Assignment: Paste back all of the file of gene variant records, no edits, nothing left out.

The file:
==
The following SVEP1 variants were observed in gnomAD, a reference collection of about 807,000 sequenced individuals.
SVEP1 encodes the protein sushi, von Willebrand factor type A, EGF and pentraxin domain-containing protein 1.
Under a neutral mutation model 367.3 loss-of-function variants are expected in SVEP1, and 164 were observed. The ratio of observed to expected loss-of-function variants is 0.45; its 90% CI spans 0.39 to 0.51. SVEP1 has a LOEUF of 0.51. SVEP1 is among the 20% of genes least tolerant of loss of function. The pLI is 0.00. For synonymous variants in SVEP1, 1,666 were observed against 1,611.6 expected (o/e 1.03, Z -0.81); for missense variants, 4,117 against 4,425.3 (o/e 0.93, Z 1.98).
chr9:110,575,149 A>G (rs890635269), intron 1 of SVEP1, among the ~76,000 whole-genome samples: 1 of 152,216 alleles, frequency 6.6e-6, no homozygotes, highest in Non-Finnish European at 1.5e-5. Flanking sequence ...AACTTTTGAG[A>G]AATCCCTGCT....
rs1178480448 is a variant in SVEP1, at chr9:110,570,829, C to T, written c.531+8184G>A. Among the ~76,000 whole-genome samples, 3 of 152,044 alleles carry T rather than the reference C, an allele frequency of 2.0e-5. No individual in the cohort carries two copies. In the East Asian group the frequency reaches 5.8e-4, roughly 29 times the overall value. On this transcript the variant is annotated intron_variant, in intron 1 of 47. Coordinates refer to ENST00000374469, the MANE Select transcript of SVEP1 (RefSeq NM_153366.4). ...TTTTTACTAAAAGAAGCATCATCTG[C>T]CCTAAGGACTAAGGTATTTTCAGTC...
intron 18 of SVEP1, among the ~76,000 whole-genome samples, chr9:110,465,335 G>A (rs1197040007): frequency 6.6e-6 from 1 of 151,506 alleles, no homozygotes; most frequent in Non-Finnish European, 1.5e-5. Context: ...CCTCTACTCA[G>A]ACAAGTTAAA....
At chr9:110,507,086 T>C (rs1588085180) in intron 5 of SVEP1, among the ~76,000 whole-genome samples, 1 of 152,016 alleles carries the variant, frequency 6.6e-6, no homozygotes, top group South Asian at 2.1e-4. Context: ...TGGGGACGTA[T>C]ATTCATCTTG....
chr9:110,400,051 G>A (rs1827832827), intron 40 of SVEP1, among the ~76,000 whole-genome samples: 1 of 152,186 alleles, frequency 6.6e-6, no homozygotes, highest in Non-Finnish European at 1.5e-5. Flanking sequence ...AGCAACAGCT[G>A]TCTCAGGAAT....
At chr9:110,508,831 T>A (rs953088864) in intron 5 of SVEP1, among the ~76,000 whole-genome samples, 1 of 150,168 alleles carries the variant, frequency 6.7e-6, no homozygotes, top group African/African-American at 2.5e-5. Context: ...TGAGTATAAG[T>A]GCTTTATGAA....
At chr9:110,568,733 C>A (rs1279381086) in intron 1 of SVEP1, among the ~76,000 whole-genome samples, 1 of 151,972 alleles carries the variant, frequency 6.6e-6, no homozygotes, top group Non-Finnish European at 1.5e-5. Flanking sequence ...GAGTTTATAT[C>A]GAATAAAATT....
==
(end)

The following SVEP1 variants were observed in gnomAD, a reference collection of about 807,000 sequenced individuals.
SVEP1 encodes the protein sushi, von Willebrand factor type A, EGF and pentraxin domain-containing protein 1.
Under a neutral mutation model 367.3 loss-of-function variants are expected in SVEP1, and 164 were observed. The ratio of observed to expected loss-of-function variants is 0.45; its 90% CI spans 0.39 to 0.51. SVEP1 has a LOEUF of 0.51. SVEP1 is among the 20% of genes least tolerant of loss of function. The pLI is 0.00. For synonymous variants in SVEP1, 1,666 were observed against 1,611.6 expected (o/e 1.03, Z -0.81); for missense variants, 4,117 against 4,425.3 (o/e 0.93, Z 1.98).
chr9:110,575,149 A>G (rs890635269), intron 1 of SVEP1, among the ~76,000 whole-genome samples: 1 of 152,216 alleles, frequency 6.6e-6, no homozygotes, highest in Non-Finnish European at 1.5e-5. Flanking sequence ...AACTTTTGAG[A>G]AATCCCTGCT....
rs1178480448 is a variant in SVEP1, at chr9:110,570,829, C to T, written c.531+8184G>A. Among the ~76,000 whole-genome samples, 3 of 152,044 alleles carry T rather than the reference C, an allele frequency of 2.0e-5. No individual in the cohort carries two copies. In the East Asian group the frequency reaches 5.8e-4, roughly 29 times the overall value. On this transcript the variant is annotated intron_variant, in intron 1 of 47. Coordinates refer to ENST00000374469, the MANE Select transcript of SVEP1 (RefSeq NM_153366.4). ...TTTTTACTAAAAGAAGCATCATCTG[C>T]CCTAAGGACTAAGGTATTTTCAGTC...
intron 18 of SVEP1, among the ~76,000 whole-genome samples, chr9:110,465,335 G>A (rs1197040007): frequency 6.6e-6 from 1 of 151,506 alleles, no homozygotes; most frequent in Non-Finnish European, 1.5e-5. Context: ...CCTCTACTCA[G>A]ACAAGTTAAA....
At chr9:110,507,086 T>C (rs1588085180) in intron 5 of SVEP1, among the ~76,000 whole-genome samples, 1 of 152,016 alleles carries the variant, frequency 6.6e-6, no homozygotes, top group South Asian at 2.1e-4. Context: ...TGGGGACGTA[T>C]ATTCATCTTG....
chr9:110,400,051 G>A (rs1827832827), intron 40 of SVEP1, among the ~76,000 whole-genome samples: 1 of 152,186 alleles, frequency 6.6e-6, no homozygotes, highest in Non-Finnish European at 1.5e-5. Flanking sequence ...AGCAACAGCT[G>A]TCTCAGGAAT....
At chr9:110,508,831 T>A (rs953088864) in intron 5 of SVEP1, among the ~76,000 whole-genome samples, 1 of 150,168 alleles carries the variant, frequency 6.7e-6, no homozygotes, top group African/African-American at 2.5e-5. Context: ...TGAGTATAAG[T>A]GCTTTATGAA....
At chr9:110,568,733 C>A (rs1279381086) in intron 1 of SVEP1, among the ~76,000 whole-genome samples, 1 of 151,972 alleles carries the variant, frequency 6.6e-6, no homozygotes, top group Non-Finnish European at 1.5e-5. Flanking sequence ...GAGTTTATAT[C>A]GAATAAAATT....